Many African governments are either silent on the issue of GMO or are satisfied with the consumption of the products. And most African countries lack the facility to detect GM foods, despite the fact that many of their imported foods are not appropriately labeled by their manufacturers to facilitate easy identification by the consumer. Benin Republic is the only African country that has placed a moratorium on GM crops. But Miss Edith Abilogo of FoE , Cameroun said her group had been able to identify five major GM outlets in the capital, Younde, channels where, according to her, most residents do their shopping. Despite bio-safety laws put in place by the government to mandate manufacturers to label their products, Abilogo says, regulation of GM products is largely lacking. In South Africa , as the country marks 10 years of liberation from apartheid, there are concerns that the people might just be up against another oppressor of their person and environment – GMO – says Thoko Makhanya of FoE , South Africa . South Africa is the only country in Africa that has commercialized the production and consumption of GMO, and Makhanya thinks this is because the privileged white minority class still controls agriculture and state agricultural policies. GM rice and maize have been adopted in several Northern Nigerian states, and GMOs are sold in several shops across the country. Nigeria , like many African countries, hardly has any effective laws on GMO regulation.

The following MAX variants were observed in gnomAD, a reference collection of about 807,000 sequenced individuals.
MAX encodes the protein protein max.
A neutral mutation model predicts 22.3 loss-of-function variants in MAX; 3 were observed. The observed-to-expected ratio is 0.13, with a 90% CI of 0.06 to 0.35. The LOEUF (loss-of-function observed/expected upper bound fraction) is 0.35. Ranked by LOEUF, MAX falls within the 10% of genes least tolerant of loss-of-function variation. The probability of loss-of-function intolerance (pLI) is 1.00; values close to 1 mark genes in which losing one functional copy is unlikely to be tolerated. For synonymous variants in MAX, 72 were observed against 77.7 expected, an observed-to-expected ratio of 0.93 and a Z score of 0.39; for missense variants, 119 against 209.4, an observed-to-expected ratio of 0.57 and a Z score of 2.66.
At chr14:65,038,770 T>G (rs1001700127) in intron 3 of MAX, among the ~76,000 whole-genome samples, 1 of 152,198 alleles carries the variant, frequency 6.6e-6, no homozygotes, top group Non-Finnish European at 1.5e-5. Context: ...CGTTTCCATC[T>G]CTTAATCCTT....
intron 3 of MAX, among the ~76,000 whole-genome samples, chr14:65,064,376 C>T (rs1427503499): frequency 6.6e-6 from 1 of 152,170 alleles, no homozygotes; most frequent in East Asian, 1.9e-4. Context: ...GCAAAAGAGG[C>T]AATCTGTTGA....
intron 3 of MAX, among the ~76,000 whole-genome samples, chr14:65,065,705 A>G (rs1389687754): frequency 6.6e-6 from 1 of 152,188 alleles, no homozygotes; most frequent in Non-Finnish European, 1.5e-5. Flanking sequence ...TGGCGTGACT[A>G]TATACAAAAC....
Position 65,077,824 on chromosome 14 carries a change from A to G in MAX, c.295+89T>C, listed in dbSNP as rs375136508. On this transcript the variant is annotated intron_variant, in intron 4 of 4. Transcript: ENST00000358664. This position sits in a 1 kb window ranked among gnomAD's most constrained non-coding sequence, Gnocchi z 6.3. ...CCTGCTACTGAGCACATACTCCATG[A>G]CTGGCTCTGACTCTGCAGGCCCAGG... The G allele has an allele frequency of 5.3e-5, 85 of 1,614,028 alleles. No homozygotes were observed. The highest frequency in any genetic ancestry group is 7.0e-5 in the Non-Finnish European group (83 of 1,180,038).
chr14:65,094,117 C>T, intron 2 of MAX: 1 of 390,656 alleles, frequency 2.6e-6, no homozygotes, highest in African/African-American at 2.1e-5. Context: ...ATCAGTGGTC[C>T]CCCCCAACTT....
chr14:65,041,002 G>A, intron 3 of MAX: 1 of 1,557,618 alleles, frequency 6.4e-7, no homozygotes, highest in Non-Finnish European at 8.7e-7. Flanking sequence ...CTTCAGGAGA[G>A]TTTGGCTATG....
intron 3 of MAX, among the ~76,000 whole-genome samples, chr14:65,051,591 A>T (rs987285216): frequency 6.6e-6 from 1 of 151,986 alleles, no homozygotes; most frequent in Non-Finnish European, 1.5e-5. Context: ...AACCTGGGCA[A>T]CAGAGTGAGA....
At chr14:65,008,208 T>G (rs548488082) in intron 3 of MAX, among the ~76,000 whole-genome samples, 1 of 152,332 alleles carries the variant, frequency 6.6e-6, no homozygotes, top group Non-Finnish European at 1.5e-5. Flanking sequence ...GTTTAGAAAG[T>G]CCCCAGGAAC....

How then can Africa overcome hunger in a continent where nothing is clear-cut and where there are hardly straight lines, even in principle? The FoE Africa groups believe solution to the continent's food crisis lies in developing indigenous farming methods, and provision of aid to achieve sustainable and diversified agricultural development. “Analyses of the biotech industry's project in Africa have shown that benefits, if any, are much lower than what would be obtained from conventional organic agricultural methods if just a tiny fraction of the huge sums spent on biotech research were channeled to conventional efforts,” states Nnimmo Bassey of FoE , Nigeria . He believes, “Rather than answering the hunger question in Africa , GMOs are being ruthlessly pushed to us in a bid to holding us literally at the guts, dragging us by the neck, and having us gasping, pleading and dependent on them. A major outcome will be the destruction of native species, erosion of our biodiversity and ultimately, the permanent alteration of our culture and traditions.” The widely held believe is that in Africa , people are groaning under the yoke of poverty and hunger, eking out a very miserable existence by no means consonant with the continent's resource endowment, because of bad economic policies and corruption among the leaders. GMOs rather than being a solution to this food crisis, FoE thinks, would aggravate it. The FoE Africa Strategy Meeting recommend “a complete moratorium on GM crops in Africa ,” and continent-wide efforts to create mass awareness on the products. “African governments should ratify and implement the Cartegena Protocol on Bio-safety, and adopt the African Model Law on Safety in Biotechnology,” the groups concluded.